Breaking down in remote Australia is no picnic. If you’re tackling raw, unadulterated Australia – somewhere standard vehicles dare not tread – you could go a very long time without encountering another soul.
Before any off-road trek, your first consideration should be the condition of your vehicle – be sure to get a major service before setting out. But if your vehicle fails you, or the terrain waylays you, you should have recovery gear on board that you’re familiar with and know how to use.
A shovel should be the first thing on your list. If you get bogged, a shovel and a little effort to create a ramp is often all that’s required to get you out of a pinch. A snatch strap should be next on your list, used for recovery via a tow vehicle. A snatch strap is a strengthened, seatbelt-like strap that is around 15 metres long with a reinforced loop at each end that hooks onto a vehicle’s rated recovery points.
When using snatch straps, it’s vital to make sure you have a solid understanding of your vehicle’s recovery points and where they are; it’s not a given that a standard four-wheel drive will have rated recovery points strong enough for this type of activity, but a properly designed and fitted bull bar usually comes with strong recovery points built in. Another possibility is that hooks are bolted to one of the chassis rails.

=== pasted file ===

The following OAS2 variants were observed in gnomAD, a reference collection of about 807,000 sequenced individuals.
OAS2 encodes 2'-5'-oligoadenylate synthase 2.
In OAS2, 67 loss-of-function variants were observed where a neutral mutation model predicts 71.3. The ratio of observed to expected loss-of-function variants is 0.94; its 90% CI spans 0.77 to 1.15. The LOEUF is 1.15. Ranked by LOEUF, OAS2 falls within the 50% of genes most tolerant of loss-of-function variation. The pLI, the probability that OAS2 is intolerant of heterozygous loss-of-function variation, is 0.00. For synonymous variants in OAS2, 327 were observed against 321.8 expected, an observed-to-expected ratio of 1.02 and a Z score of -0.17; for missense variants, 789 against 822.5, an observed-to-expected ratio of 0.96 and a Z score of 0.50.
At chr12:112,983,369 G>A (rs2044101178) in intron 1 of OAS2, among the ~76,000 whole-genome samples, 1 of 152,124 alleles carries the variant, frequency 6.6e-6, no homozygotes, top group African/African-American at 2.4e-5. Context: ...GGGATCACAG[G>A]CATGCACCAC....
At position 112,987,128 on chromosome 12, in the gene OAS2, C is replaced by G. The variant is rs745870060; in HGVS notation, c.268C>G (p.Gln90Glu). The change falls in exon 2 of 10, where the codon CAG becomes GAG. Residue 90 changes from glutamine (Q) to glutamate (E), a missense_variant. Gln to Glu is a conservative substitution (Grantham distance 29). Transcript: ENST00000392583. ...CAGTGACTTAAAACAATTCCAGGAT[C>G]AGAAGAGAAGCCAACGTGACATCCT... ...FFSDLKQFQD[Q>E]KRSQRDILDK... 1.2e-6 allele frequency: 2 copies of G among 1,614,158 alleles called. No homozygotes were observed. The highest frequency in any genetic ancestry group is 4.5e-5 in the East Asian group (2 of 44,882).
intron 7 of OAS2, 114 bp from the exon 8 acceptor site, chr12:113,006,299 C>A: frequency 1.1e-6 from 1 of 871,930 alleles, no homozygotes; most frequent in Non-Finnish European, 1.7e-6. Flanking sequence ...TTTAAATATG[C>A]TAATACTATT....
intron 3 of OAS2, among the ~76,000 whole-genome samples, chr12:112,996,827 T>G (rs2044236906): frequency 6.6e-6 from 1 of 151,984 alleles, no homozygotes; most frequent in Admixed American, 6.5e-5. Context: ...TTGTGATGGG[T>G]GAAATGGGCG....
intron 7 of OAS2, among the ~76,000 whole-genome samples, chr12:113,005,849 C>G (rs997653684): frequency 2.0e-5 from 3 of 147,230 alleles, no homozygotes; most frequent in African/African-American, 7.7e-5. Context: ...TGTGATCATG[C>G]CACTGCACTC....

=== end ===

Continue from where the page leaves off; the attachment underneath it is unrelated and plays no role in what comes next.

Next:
Once connected, put the bogged vehicle in low range, and as the tow vehicle inches forward and the strap becomes taut, the driver of the vehicle being recovered should release the clutch and give a slight rev of the engine, which usually pulls it free. Any bystanders or passengers should always stand well clear of the vehicle in case the snatch strap or a recovery point breaks and whips around violently.
A professionally fitted tow bar can double as a rear recovery point – but don’t tie onto the tow ball because they will snap and slingshot, causing damage to vehicles and, worse, to bystanders.